Unless you’ve been living under a rock, you’ve experienced, seen or at least heard of the many boycotts being waged against corporate brands. Currently, we’re in the throes of a campaign against Chick-fil-A, an Atlanta-based fast food restaurant for comments made by owner Dan T. Cathy that supported the “biblical definition of the family unit”…essentially speaking out against gay-marriage rights.
This came just off the heels of another social boycott campaign that erupted after Kraft Foods posted a Photoshopped advertisement of an Oero (“America’s Favorite Cookie”) stuffed with rainbow colored layers and the caption: “Proudly Support Love”. Both came on like unexpected tsunamis and quickly became the main topic of conversation across social media, television and newspapers as well as at both boardroom and kitchen tables across North America.
Boycotts are quickly becoming the weapon-of-choice for groups seeking to further their political or social agenda by targeting national companies who already have mass public attention. Social Media is simultaneously the fuel and the battleground for these wars and a new reality for businesses.
During the #bizforum Twitter debate on this subject last night, by referencing the granddaddy of all boycotts: the Boston tea party, Ric Dragon suggested that boycotts are not a new reality for business at all.
He’s right of course, boycotts are not new but they are certainly a strategy that has had new life breathed into it. Social Channels have facilitated boycott “Flash Mobs”, where almost overnight lines are drawn in the sand and tens of thousands of people line up on one side or the other. Worse, most jump on the bandwagon without any real fervent support for the cause but for peer-pressure or the entertainment value.
Today, more than ever business must anticipate the reaction to every nuance of every act, statement and belief of their employees as well as their companies. They must possess more intuitive insights into the political and cultural environment they, their government and their customers engage in or risk being on the wrong side of a social mob.
Businesses are just getting used to the idea and impact of a few public tweets about their brands and now they’re faced with the reality of socially-powered boycott threatening to take them down.
An Ounce of Prevention?
The reality is that most boycotts today are rooted in political or social beliefs and not direct opposition to the quality of a specific product or service offered by the company. Opposition to a product or service is easily managed.
Preventing political or socially-based boycotts is next to impossible unless you make it a policy to never speak or engage the public for fear of offending someone, somewhere. However, the congregation of people in communities through online social channels has forced businesses to engage these groups on social, political and emotional levels in exchange for their loyalty.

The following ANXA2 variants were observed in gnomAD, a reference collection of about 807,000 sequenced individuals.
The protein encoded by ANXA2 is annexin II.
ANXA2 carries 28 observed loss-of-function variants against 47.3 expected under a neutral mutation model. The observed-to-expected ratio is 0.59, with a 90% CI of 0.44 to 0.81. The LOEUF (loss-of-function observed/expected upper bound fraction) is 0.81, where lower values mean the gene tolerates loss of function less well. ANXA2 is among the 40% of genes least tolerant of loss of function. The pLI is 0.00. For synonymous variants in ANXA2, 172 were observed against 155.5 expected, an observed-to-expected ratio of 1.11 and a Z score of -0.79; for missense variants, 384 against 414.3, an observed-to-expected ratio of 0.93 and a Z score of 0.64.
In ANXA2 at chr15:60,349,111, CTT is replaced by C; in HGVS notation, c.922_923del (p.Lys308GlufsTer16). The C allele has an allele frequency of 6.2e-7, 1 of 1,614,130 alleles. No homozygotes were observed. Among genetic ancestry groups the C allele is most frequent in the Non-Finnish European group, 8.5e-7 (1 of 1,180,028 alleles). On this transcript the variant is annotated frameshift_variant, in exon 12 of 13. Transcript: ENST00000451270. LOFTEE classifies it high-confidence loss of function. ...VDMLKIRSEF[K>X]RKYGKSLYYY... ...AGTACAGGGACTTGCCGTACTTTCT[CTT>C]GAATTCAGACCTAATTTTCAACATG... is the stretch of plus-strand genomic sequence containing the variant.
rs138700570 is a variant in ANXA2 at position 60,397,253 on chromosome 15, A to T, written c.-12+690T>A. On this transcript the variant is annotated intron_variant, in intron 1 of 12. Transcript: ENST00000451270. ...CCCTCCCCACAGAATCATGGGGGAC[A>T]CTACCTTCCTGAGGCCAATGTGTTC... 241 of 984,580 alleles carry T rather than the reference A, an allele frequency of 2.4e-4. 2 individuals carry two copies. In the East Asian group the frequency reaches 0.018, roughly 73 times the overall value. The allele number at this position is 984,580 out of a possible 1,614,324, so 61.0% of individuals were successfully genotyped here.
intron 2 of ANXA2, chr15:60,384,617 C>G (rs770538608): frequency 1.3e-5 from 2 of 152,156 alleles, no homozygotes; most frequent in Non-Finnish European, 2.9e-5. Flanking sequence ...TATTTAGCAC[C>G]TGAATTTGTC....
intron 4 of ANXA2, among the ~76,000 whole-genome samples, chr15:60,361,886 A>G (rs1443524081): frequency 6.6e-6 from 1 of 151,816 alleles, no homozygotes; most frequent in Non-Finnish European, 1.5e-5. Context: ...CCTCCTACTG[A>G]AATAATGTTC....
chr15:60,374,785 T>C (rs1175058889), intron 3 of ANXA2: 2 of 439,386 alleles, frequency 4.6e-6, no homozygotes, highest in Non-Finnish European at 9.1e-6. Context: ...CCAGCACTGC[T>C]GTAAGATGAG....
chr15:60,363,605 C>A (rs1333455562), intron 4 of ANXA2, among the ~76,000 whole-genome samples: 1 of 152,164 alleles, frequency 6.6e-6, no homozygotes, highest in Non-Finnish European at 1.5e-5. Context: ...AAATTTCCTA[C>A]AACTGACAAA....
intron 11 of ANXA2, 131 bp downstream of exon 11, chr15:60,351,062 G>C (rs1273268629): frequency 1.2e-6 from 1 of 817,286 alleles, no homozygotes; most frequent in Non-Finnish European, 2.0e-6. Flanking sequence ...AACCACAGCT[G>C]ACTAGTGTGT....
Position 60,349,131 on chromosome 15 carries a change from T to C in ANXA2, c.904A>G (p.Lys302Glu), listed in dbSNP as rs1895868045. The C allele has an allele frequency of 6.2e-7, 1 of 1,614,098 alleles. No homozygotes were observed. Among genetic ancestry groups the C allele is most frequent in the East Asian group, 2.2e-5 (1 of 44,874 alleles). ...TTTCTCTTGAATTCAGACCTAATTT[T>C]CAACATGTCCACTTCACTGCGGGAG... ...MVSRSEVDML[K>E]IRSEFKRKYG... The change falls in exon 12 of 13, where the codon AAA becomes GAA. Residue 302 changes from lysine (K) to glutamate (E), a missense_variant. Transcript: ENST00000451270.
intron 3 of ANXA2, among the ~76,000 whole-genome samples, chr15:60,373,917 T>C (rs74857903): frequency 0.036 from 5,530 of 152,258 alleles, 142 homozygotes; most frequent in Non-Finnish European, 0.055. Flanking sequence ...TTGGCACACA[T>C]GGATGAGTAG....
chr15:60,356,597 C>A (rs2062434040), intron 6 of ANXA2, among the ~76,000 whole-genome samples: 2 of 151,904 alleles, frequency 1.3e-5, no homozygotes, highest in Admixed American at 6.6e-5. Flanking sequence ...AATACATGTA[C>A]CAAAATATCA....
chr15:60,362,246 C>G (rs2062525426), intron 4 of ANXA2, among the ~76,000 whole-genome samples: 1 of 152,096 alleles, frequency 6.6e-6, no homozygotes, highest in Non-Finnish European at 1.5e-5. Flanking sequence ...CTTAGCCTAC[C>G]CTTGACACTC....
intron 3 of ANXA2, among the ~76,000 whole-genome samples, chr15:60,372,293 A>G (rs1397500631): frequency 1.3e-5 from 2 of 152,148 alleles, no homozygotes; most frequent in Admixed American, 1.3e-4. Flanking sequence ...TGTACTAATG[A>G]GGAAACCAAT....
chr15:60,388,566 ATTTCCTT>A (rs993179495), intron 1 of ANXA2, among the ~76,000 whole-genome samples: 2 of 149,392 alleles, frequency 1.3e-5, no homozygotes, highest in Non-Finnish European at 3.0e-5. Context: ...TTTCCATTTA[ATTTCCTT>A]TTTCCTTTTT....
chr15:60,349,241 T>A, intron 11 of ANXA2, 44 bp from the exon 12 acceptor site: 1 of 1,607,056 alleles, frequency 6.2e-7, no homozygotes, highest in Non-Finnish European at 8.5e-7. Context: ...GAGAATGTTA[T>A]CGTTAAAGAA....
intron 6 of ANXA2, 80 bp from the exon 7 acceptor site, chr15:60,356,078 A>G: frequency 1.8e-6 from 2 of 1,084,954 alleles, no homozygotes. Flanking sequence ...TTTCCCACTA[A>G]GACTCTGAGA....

Aligning a business’ values with that of its customers is a sure fire way to generate diehard fanatics but also creates a volatile environment from which these Flash Mob boycotts can erupt.
Should businesses be taking these socially-charged boycotts seriously? Social media has become known for its short lifespan so is there any real long-term threat? Remember, cable news created the 24-hour news cycle, which social media turned into 24-minutes.
As Fred McClimans argued in last night’s debate, even if the boycott is short-lived the digital footprint of the event – and the impact on the brand’s reputation – Iives on.
Two Sides to Every Debate Boycott
The “same-sex kiss-in” created by activist Carly McGehee , which sparked the recent Chick-fil-A boycott was met with a “Chick-fil-A Appreciation Day”, sponsored by former Arkansas governor Mike Huckabee. Former Republican presidential candidate Rick Santorum joined the fray by rallying his 200,000 Twitter followers to support the chain.
When Kraft Foods posted its Oreo Cookie Gay Pride support advertisement on Facebook it garnered 157,000 likes with 40,000 shares. Yet of the20,000 comments many were negative and called for a boycott of the cookie.
Convention dictates a business avoids such controversies yet many national brands seem to court them. In honor of Pride month, Target launched a line of gay pride t-shirts and Ben & Jerry’s renamed it’s apple pie flavor “Apple-y Ever After” in the UK. Given the precedents set on Facebook and other social channels, why are these businesses not afraid of the Flash Mob boycotts? What do they know?
Is it possible that boycotts are not a punitive tactic used by the activists but a modern tactic used by savvy businesses to leverage political discord in hopes of solidifying fervent loyalty from “the other side”?
Are boycotts really a business strategy, not a political weapon?
I’m turning the debate over to you now. Should businesses ignore, avoid or embrace flash mob boycotts? Share your thoughts below. Also, check out a sampling of the arguements from last night’s #bizforum debate on this issue.
Sam Fiorella – Sensei
Feed Your Community, Not Your Ego